Monoclonal antibody treatments could reduce COVID-19 hospitalizations

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The FDA authorized the first monoclonal antibody treatment for COVID-19 on November 9. The agency authorized the use for patients with mild to moderate COVID-19 who are not hospitalized. Bamlanivimab is the name of this treatment from Eli Lilly.

The FDA authorized another monoclonal antibody therapy about 2 weeks later from Regeneron called REGEN-COV2. It is also intended for patients with mild to moderate COVID-19. Clinicians must administer the therapy within 10 days of symptoms. This window of time can quickly fade with the current challenges facing hospitals and their healthcare workers.  

“Antibody therapies always work best the earliest they’re given,” Arturo Casadevall, an immunologist at Johns Hopkins Bloomberg School of Public Health, was quoted saying. “This has been known for 130 years.”

Besides, doctors might hesitate given the recent nature of the treatment.

“For better or worse, some people might be more willing to pull that trigger and others might want to hold back because they’re still waiting for that perfect dataset to come out that shows exactly the risk and the benefit,” Rodney Rohde, chair of the Texas State University clinical laboratory science program.

Clinicians this past month had only applied approximately 5% to 20% of their monoclonal antibody supply, that is around 65,000 doses per week on average.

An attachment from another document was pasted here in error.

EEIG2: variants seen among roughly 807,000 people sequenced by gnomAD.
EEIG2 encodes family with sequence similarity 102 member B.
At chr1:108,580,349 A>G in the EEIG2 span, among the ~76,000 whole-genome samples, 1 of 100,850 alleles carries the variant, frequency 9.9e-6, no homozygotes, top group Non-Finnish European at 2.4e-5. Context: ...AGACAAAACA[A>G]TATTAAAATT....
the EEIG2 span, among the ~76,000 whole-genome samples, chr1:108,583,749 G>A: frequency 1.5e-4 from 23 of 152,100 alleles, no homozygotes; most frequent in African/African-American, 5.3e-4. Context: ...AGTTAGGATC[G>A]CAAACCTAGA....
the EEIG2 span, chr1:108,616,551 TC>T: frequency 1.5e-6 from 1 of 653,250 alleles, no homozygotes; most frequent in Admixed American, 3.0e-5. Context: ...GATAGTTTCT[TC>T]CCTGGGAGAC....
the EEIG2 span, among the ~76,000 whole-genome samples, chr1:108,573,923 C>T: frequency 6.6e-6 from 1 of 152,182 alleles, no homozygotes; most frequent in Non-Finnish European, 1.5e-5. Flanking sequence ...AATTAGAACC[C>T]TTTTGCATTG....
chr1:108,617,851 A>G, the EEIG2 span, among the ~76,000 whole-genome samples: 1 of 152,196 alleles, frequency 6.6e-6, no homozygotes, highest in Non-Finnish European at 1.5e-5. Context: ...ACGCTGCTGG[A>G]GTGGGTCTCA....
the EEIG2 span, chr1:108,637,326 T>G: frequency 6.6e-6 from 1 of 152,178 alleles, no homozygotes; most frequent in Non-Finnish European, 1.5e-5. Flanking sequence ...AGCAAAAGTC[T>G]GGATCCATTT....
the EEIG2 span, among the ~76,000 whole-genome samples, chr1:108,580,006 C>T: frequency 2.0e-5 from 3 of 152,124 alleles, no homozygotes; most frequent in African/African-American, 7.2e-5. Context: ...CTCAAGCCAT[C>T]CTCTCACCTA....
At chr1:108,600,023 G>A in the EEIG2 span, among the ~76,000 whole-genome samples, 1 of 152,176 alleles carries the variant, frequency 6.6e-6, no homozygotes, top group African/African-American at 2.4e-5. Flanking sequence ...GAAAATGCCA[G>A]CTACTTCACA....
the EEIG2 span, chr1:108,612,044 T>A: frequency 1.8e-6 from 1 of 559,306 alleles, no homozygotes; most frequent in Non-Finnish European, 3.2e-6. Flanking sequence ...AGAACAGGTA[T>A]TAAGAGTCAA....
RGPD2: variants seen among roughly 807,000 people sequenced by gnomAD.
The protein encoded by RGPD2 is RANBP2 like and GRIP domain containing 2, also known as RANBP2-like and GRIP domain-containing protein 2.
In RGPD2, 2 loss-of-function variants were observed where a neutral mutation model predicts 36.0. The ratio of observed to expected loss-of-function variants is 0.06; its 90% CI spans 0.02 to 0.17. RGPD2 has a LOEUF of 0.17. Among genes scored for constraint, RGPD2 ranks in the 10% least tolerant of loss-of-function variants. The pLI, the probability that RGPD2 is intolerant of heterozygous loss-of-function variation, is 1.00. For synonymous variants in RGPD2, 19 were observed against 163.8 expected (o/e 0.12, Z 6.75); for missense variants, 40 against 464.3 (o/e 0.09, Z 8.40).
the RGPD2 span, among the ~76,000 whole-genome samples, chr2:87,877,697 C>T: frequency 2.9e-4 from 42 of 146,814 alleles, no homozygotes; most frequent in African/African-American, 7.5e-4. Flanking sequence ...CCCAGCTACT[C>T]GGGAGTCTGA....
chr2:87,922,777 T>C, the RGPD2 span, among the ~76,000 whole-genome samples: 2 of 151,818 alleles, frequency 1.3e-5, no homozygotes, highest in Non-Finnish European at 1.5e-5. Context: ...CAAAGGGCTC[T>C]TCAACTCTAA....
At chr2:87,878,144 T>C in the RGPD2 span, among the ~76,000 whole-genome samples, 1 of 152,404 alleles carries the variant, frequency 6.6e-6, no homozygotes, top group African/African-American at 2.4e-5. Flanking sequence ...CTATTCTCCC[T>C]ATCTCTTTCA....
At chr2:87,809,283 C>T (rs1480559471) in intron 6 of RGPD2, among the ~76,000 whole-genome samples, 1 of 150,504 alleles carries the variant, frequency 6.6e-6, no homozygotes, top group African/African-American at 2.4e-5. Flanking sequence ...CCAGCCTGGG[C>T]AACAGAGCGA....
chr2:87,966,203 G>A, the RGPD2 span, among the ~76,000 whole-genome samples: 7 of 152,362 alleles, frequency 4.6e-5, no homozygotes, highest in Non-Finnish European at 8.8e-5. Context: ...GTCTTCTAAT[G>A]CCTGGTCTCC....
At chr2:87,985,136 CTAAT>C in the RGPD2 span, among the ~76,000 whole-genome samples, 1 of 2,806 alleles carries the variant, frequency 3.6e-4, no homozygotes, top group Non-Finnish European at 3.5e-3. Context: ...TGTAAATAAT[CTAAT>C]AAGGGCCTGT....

The FDA has authorized few treatments for COVID-19. For example, convalescent plasma, applies the blood of sick patients who’ve recovered, to other patients in order for their antibodies to aid in the combat against the virus.

Monoclonal antibodies operate in a similar fashion. However, the therapy is meant to strike at particular coronavirus proteins. Regeneron’s treatment focuses on the spike protein, which causes so much trouble for patients.

“You can kind of think of them as smart bombs,” Rohde said. “They’re actually probably better than convalescent plasma, because sometimes you don’t know the amount [of antibodies] you’re getting and how strong they actually bind.”

Monoclonal antibodies can help patients if there is no delay in the administration of the therapy to patients.

Data from a clinical trial using bamlanivimab showed that only 3% of the 465 non-hospitalized COVID-19 patients with mild to moderate symptoms, became inpatients in the hospital, versus 10% who received placebo. Regeneron’s treatment revealed similar results.

Hence monoclonal antibodies could lower the hospitalizations by as much as 70%. Nevertheless, people who need hospitalization because of more severe illness would need other treatments.

Our Editorial Note: We have summarized an article that first appeared in Business Insider. You would need a subscription to read the content in its entirety. Contact us if you would like to learn more about regenerative medicine and how it may help patients with Covid-19.


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